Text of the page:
The Virginia women’s basketball team establishes a clear identity under Agugua-Hamilton

Perhaps more impressive than Virginia’s perfect eight-game start under first-year coach Amaka Agugua-Hamilton is that the Cavaliers’ identity is unmistakable through those back-to-back victories.

It’s not confusing how they want to work on the floor.

When they’re at their best, it’s frenetic pace that defense uses to provoke offense, which can demoralize opponents unwilling to match UVa’s pace, and there’s also Tenacity on the glass that opponents take advantage of who don’t fight for every rebound.

Agugua-Hamilton also doesn’t ride the same players every minute of every game, so she uses the depth at her disposal — proving that 10 out of 11 Cavaliers in the roster have scored in double digits at least once this season. This willingness to use anyone keeps the Hoos fresh and allows them to thrive in the strenuous style she’s preached since she was hired last March.

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“Coach Mox doesn’t like slow basketball,” freshman guard Yonta Vaughn said with a grin earlier this season.

And this past weekend, in victories over Minnesota and East Carolina, the Cavaliers showed exactly why Agugua-Hamilton’s approach serves them well.

On Sunday against ECU, UVa used a 17-3 run in the third quarter to break away from the Pirates. The Hoos hit four offensive rebounds and had six second-chance points during the spurt as well as seven fast-break points, including a 3-pointer in transition from veteran guard McKenna Dale.

The day before, the Cavaliers racked up 16 steals and forced 22 Minnesota turnovers, resulting in 22 points fewer turnovers in the win.

“That is a lot [of steals] and we didn’t even really push,” Agugua-Hamilton said after dispatching the Golden Gophers, “but we were aggressive, we understood the game plan and we could mess them up at times.”

The points that fall into the hustle category — second chance and fast-break buckets — were the ones the Cavaliers scored in each in that first month of the campaign, which concludes with Wednesday night’s ACC/Big Ten Challenge game had great advantages Pennsylvania.

UVa has accumulated more second chance points than his opponent in each of the first eight contests, surpassing a combined 137 second chance points to 43 points. Junior guard Mir McLean’s 3.7 offensive rebounds are the fifth-highest for any ACC player.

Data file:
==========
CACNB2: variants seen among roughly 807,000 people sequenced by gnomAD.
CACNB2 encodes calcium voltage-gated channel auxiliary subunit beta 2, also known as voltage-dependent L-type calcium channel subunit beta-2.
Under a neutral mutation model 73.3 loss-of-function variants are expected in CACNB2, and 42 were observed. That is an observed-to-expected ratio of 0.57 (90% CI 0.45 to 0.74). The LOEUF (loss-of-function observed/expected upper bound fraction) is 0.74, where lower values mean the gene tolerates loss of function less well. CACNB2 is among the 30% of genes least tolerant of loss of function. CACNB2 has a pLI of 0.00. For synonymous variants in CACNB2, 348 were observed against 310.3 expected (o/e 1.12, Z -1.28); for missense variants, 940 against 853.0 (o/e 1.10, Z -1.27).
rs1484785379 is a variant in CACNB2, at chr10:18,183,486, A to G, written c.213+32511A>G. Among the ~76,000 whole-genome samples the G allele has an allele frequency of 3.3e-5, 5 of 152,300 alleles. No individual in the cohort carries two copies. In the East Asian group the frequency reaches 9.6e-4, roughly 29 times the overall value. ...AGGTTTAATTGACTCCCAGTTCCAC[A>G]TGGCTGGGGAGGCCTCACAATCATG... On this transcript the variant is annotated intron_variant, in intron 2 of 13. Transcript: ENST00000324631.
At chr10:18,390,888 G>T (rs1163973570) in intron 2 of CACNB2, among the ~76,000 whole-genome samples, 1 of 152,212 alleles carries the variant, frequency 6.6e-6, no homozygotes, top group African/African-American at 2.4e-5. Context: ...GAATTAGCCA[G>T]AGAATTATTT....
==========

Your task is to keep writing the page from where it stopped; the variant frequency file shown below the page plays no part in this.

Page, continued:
UVa also has a combined fast-break point lead of 113 over their opponents’ 64 in their first eight games.

“If we intervene, that’s great for us on defense,” said junior guard Alexia Smith, “because with the high pace on offense we’re actually getting where we want to be and where we’re aiming for quick breaks.”

The Cavaliers can easily find the open player even when switching. They had 20 assists in their win against Minnesota, and their 130 total team assists for the season is the most in the ACC.

UVa’s leading scorer Camryn Taylor, a senior forward who averages 13.9 points per game and had a team-best 22 against the Gophers, said ball motion helped her get her points against Minnesota.

“I got good touches,” Taylor said. “But how many assists did we have? We had 20 assists and I think getting those good dumpdowns and moving the ball allows me to open up. [Forward] Sam [Brunelle] was hitting shots and that also opened the ground for me but drove and kicked the ball because a lot of people drove further [guard Taylor Valladay] and she was able to download it for me.”

The overwhelming factor is that these Cavaliers appear to grow in strength as games progress, allowing for those competitive second-half runs or even withstanding their opponent, as they had to do deep into the fourth quarter against Minnesota.

They can play fast when they should be slowing down because they have been trained to do so.

“I’m a freshman year here and in that first practice I had here I died and came to life,” Vaughn said with a laugh. “I’m telling you. We do a lot of transition and a lot of pickups all over the court and there is no walking around in all of our drills. All our drills are fast and there is always competition with our drills. There is always a winner and a loser. We don’t want to walk extra. There is already enough running in our drills so we try to compete as much as possible and that’s why the pace is fast.”